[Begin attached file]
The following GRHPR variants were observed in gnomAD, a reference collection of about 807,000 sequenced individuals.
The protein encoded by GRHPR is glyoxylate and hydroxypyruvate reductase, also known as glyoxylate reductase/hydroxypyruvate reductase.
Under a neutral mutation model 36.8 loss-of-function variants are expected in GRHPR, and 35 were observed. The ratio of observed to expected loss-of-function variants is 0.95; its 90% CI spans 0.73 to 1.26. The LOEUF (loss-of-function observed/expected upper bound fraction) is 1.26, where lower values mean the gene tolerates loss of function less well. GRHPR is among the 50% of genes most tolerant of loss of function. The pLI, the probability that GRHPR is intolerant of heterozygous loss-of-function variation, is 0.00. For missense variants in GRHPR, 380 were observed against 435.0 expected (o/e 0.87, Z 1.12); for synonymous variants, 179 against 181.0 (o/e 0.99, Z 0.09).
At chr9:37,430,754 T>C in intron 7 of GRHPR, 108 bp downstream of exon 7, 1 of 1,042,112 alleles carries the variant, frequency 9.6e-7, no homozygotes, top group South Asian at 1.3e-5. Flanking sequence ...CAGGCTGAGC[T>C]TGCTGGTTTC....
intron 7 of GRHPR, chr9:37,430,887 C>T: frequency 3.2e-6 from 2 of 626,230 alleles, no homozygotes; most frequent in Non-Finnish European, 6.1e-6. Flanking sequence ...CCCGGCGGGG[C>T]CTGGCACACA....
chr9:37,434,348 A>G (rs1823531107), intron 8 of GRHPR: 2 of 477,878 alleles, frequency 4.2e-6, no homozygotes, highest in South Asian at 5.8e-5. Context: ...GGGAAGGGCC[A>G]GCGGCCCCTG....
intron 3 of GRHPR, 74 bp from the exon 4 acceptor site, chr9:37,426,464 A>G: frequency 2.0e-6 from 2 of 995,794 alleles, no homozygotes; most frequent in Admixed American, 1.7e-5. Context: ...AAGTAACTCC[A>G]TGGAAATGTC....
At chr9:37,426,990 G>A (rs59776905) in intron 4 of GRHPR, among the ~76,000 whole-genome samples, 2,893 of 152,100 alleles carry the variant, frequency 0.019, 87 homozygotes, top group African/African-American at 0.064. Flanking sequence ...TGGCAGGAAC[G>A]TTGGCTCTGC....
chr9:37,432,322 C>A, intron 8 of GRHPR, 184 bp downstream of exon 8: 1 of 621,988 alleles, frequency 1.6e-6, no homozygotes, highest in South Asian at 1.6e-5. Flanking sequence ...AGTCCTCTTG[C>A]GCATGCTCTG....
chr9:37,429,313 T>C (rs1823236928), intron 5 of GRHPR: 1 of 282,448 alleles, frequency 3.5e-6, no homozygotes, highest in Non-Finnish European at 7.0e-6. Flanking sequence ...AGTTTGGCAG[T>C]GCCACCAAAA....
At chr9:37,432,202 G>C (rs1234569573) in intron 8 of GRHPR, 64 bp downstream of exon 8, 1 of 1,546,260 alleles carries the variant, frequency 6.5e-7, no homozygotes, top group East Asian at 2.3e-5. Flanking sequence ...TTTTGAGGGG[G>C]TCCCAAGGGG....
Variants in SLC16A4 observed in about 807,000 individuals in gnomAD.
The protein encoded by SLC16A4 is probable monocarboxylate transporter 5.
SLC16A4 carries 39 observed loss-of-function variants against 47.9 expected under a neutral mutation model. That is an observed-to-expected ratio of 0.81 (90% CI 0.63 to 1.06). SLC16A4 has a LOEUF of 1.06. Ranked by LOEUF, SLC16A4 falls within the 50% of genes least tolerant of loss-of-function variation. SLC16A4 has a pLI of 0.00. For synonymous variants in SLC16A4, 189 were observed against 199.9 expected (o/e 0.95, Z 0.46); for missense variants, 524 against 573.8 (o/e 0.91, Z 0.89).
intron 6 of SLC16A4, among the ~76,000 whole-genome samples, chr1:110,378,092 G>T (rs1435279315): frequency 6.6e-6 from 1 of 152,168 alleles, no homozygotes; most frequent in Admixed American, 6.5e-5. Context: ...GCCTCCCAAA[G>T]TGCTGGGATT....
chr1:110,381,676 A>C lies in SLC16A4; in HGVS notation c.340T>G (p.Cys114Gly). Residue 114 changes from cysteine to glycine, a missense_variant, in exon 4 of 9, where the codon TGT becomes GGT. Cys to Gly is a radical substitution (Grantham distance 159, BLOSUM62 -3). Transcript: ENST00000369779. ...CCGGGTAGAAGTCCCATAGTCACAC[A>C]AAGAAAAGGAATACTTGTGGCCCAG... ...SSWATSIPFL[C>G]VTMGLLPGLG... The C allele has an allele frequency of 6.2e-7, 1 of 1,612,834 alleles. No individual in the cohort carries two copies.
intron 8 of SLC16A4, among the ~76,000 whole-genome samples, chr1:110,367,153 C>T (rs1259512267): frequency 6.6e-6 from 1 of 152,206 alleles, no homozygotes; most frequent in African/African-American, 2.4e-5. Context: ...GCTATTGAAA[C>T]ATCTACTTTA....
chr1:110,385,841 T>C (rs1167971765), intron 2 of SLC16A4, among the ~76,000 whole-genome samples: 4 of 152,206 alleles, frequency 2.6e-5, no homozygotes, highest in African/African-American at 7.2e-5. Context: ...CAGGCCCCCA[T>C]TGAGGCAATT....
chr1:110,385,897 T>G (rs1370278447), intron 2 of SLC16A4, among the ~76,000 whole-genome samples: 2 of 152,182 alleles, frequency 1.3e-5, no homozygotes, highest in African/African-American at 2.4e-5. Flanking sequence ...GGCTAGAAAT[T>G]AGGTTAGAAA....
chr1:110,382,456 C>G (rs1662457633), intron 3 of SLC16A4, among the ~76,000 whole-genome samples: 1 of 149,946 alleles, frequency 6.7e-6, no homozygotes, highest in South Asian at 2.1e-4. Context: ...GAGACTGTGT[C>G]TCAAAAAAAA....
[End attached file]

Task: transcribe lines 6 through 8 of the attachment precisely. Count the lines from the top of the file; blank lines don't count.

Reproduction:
chr9:37,434,348 A>G (rs1823531107), intron 8 of GRHPR: 2 of 477,878 alleles, frequency 4.2e-6, no homozygotes, highest in South Asian at 5.8e-5. Context: ...GGGAAGGGCC[A>G]GCGGCCCCTG....
intron 3 of GRHPR, 74 bp from the exon 4 acceptor site, chr9:37,426,464 A>G: frequency 2.0e-6 from 2 of 995,794 alleles, no homozygotes; most frequent in Admixed American, 1.7e-5. Context: ...AAGTAACTCC[A>G]TGGAAATGTC....
At chr9:37,426,990 G>A (rs59776905) in intron 4 of GRHPR, among the ~76,000 whole-genome samples, 2,893 of 152,100 alleles carry the variant, frequency 0.019, 87 homozygotes, top group African/African-American at 0.064. Flanking sequence ...TGGCAGGAAC[G>A]TTGGCTCTGC....